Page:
LLEFT: Ethel Williams created programs that helped young mothers in Paterson, New Jersey.
RIGHT: Williams (left) provided food, clothing, shelter and other forms of assistance to her neighbors in Paterson.
"On One Bedpost I Keep a Rosary and on the Other, a Club"
Ethel Williams was a retired teacher who was honored for her work running an emergency relief outreach to her needy inner-city neighbors in Paterson, New Jersey, deemed the nation’s fifth poorest community in 1986. In a city that was one-third African-American and without a single African-American priest or woman religious, Williams became the symbol of African-American leadership in the Catholic Church there.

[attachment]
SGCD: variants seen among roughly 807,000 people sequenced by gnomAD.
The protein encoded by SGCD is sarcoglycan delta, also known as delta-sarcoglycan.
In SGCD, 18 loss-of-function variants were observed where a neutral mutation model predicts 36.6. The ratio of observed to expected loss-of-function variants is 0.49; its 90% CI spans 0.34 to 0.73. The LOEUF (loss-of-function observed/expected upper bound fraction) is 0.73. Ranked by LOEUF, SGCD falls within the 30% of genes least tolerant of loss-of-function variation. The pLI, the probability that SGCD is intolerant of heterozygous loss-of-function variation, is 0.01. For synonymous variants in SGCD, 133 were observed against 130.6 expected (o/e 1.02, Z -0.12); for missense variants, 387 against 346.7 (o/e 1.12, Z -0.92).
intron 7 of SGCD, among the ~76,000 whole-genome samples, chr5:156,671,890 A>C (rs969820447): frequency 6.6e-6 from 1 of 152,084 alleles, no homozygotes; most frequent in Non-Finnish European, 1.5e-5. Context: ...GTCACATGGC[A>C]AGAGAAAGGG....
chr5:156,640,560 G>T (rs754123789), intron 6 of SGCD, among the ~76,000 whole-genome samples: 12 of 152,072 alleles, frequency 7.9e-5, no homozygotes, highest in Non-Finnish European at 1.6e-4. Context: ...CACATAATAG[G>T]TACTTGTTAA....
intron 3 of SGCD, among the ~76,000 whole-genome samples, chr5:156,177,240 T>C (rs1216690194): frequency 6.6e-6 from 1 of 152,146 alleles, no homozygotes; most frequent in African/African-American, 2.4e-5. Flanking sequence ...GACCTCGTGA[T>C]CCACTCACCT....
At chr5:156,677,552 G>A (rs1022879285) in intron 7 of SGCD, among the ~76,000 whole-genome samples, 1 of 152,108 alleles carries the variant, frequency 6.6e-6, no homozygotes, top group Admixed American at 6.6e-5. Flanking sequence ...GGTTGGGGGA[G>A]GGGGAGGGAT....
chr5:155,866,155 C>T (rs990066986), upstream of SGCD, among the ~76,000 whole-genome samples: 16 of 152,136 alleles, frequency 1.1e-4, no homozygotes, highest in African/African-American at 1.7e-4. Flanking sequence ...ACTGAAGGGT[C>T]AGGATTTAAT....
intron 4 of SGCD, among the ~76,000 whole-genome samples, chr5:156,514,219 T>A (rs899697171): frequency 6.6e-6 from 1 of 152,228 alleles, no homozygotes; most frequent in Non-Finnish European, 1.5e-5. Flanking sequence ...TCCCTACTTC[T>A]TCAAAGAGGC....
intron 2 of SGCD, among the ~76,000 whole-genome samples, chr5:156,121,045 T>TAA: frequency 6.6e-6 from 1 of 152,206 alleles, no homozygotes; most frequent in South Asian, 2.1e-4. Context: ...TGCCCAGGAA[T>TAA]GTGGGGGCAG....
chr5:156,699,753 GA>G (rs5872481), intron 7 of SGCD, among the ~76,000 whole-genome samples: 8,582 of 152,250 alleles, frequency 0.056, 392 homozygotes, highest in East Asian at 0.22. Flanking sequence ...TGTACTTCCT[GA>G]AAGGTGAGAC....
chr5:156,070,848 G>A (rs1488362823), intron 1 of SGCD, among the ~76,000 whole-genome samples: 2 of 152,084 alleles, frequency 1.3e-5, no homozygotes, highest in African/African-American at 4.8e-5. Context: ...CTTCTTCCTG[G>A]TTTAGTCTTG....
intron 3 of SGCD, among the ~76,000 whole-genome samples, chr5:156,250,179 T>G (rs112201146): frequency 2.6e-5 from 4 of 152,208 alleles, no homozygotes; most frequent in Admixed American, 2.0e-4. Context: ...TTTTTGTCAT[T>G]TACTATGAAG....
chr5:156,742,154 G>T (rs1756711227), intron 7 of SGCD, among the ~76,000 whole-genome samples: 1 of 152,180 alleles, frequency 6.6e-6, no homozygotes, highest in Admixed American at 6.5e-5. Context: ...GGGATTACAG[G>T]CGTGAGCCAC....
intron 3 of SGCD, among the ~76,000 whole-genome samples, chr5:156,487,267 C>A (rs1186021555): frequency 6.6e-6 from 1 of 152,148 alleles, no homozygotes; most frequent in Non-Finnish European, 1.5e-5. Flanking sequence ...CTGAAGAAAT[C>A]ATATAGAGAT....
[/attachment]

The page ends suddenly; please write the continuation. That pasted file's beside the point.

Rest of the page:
Her outreach included finding temporary housing, food and clothing for those in need, along with providing counseling for victims of poverty, drug abuse and violence. She also helped organize a program in Paterson that taught young mothers “how to read baby formula along with Shakespeare, how to eat nutritiously and how to get a job.” Nearly 1,800 young women passed through this program. Williams was a blend of deep faith and tough pragmatism. “On one bedpost I keep a rosary and on the other, a club,” she said. “If one doesn’t protect me, I know the other will!”